Congressional Session Ends Without H.R. 7217 Passage
- By Laurie Watanabe
- Jan 03, 2019
H.R. 7217, the Medicaid bill that included provisions for complex rehab technology (CRT) manual wheelchair accessories, was not passed by the Senate before the end of the 115th Congress.
That means the CRT industry will need to start the legislative process over again with a new Congress, which began Jan. 3, 2019.
Last month, the original CRT manual wheelchair accessories bill — H.R. 3730 — was included in a new, larger Medicaid bill, H.R. 7217, also known as the IMPROVE Act. After passing the House on Dec. 11, the bill went to the Senate.
H.R. 7217 was subjected to the Senate’s “hotline” process, which gives individual Senators the opportunity to voice any objections they have. The hope was that the bill could be expedited via that process.
While no Senators objected to the CRT provisions in the bill, NCART noted in late December that some Senators were questioning other portions of the bill.
In a Jan. 3 bulletin to stakeholders, NCART Executive Director Don Clayback said, “We were very encouraged on December 11 with the passage of H.R. 7217 in the House by a vote of 400 to 11. But as it then moved to the Senate, it stalled based on concerns from a small number of Senators with one of the other bill provisions regarding Medicaid services for children with complex needs.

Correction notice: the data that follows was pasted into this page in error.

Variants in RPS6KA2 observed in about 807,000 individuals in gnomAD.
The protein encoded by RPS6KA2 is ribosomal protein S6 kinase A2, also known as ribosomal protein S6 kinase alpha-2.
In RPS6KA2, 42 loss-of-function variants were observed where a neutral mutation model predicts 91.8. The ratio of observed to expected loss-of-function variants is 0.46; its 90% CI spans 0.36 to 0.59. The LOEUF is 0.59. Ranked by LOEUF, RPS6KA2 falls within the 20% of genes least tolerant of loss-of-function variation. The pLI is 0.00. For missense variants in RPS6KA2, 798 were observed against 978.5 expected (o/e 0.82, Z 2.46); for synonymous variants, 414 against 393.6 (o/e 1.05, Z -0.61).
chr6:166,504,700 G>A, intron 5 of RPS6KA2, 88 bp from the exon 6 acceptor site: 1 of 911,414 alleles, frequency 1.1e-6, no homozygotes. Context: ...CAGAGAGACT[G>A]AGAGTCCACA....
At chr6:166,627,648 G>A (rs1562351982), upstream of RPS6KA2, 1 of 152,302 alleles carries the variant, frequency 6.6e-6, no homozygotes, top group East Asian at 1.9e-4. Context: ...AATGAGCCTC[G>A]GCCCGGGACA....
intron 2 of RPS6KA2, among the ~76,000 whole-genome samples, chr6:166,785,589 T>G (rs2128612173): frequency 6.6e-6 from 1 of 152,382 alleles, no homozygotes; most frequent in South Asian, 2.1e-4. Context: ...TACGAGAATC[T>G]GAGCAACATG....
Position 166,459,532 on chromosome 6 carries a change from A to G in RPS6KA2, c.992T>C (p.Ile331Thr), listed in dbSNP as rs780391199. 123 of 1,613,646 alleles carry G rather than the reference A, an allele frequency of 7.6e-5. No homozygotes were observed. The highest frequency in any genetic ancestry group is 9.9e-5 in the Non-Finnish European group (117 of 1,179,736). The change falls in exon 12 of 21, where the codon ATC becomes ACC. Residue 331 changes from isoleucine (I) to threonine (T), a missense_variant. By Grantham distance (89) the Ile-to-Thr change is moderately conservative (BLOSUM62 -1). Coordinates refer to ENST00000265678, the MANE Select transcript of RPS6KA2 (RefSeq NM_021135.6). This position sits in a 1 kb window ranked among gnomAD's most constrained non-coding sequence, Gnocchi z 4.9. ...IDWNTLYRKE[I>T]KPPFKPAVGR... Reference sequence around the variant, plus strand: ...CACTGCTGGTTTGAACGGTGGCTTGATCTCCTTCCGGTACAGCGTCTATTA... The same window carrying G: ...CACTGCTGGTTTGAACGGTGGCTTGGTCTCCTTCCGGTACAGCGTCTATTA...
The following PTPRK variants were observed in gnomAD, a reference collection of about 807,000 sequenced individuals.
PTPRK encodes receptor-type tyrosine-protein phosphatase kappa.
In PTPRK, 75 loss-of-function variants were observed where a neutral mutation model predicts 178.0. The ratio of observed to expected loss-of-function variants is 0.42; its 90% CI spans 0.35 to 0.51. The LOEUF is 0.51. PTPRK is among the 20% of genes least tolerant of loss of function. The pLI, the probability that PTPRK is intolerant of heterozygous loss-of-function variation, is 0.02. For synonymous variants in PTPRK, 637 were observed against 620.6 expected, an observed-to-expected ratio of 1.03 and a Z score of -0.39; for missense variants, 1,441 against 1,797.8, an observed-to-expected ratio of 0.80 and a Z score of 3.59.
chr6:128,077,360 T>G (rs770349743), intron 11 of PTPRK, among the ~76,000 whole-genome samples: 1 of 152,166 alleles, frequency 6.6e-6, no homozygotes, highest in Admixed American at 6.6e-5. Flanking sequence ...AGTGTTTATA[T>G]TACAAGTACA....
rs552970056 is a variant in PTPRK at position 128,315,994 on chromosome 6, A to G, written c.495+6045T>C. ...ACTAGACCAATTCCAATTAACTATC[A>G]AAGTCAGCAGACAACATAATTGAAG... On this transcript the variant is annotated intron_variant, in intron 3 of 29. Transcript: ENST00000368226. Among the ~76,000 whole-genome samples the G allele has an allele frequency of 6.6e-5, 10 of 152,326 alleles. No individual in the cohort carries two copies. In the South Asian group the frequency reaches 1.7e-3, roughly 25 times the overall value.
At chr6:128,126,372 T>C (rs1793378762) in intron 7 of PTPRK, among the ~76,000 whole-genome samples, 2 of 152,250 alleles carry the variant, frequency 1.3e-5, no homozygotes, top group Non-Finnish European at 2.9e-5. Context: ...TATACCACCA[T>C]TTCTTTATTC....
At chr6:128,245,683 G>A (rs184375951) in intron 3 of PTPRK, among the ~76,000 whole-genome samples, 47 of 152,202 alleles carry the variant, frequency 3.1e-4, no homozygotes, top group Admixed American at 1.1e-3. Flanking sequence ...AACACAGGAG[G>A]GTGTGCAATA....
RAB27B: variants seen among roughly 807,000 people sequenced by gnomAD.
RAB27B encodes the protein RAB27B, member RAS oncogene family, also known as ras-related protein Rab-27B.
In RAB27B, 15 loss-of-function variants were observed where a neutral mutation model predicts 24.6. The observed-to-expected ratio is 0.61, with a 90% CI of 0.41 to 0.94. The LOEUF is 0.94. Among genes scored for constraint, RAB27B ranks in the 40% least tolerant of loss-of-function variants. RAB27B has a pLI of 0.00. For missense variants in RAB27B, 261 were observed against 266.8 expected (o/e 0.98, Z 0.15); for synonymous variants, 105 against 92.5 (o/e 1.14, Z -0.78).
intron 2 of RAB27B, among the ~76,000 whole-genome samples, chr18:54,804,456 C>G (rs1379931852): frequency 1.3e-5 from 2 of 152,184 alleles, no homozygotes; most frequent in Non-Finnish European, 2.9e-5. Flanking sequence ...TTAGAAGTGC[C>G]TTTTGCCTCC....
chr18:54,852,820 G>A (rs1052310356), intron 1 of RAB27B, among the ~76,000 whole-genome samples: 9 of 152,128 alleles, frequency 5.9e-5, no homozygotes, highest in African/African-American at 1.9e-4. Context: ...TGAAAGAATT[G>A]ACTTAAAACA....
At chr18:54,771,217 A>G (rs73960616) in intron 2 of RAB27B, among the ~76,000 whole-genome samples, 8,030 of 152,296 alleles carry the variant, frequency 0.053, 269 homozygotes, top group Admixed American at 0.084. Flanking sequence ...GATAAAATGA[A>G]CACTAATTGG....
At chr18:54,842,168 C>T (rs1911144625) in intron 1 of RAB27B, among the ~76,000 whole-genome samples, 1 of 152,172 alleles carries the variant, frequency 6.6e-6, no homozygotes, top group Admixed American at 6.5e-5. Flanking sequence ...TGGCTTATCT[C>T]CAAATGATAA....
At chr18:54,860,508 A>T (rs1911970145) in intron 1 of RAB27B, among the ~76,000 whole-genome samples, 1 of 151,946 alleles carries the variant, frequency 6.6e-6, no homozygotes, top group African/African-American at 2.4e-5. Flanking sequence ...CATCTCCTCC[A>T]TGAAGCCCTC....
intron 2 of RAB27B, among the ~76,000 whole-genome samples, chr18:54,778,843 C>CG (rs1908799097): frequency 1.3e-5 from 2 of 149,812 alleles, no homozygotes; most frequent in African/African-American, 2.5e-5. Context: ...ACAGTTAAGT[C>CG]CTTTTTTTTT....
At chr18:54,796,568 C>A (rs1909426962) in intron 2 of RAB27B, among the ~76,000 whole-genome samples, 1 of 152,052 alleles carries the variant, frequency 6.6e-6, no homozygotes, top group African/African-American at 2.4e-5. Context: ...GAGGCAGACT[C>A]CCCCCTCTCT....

“Since the bill was being handled in the Senate through their expedited ‘Unanimous Consent’ process, the lack of 100-percent Senate support prevented passage. And while we continued to advocate in the Senate through the holidays, resolving the government shutdown was the primary focus and made things more challenging.”
Clayback indicated that while the CRT provision was not made into law this time around, its passage in the House will provide a foundation to build on as the industry continues to seek a legislative fix to the manual wheelchair accessories problem.
Getting legislation and policies to protect access to CRT for people with disabilities is not a sprint, it's a marathon,” Clayback noted. “While we did not get final Senate passage this year, the significant progress we made puts us in a strong position for 2019 and served to build up CRT awareness and support that will help us as we work to get a Separate Benefit Category for CRT.”
Clayback added that NCART and its allies would work with the new Congress on the issue and keep stakeholders involved as the process gets underway.
The original CRT bill, H.R. 3730, was introduced in September 2017 by Rep. John Larson (D-Conn.) and Rep. Lee Zeldin (R-N.Y.) and had bipartisan support.
Laurie Watanabe is the editor of Mobility Management. She can be reached at email@example.com.